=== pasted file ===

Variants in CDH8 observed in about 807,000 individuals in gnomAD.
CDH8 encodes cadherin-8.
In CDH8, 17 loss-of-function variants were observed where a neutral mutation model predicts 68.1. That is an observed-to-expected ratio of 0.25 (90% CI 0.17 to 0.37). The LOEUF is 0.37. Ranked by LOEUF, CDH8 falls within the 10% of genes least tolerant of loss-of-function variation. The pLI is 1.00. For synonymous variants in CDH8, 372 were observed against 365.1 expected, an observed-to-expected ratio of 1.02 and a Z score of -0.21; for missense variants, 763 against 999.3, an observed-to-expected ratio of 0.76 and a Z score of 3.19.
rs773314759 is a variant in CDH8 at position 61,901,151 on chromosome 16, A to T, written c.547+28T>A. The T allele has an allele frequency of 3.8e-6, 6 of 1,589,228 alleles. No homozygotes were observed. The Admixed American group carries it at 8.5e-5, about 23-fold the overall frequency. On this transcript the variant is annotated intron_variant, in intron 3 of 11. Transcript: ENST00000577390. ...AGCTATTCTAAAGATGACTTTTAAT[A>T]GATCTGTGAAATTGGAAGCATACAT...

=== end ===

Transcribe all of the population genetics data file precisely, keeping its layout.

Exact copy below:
Variants in CDH8 observed in about 807,000 individuals in gnomAD.
CDH8 encodes cadherin-8.
In CDH8, 17 loss-of-function variants were observed where a neutral mutation model predicts 68.1. That is an observed-to-expected ratio of 0.25 (90% CI 0.17 to 0.37). The LOEUF is 0.37. Ranked by LOEUF, CDH8 falls within the 10% of genes least tolerant of loss-of-function variation. The pLI is 1.00. For synonymous variants in CDH8, 372 were observed against 365.1 expected, an observed-to-expected ratio of 1.02 and a Z score of -0.21; for missense variants, 763 against 999.3, an observed-to-expected ratio of 0.76 and a Z score of 3.19.
rs773314759 is a variant in CDH8 at position 61,901,151 on chromosome 16, A to T, written c.547+28T>A. The T allele has an allele frequency of 3.8e-6, 6 of 1,589,228 alleles. No homozygotes were observed. The Admixed American group carries it at 8.5e-5, about 23-fold the overall frequency. On this transcript the variant is annotated intron_variant, in intron 3 of 11. Transcript: ENST00000577390. ...AGCTATTCTAAAGATGACTTTTAAT[A>T]GATCTGTGAAATTGGAAGCATACAT...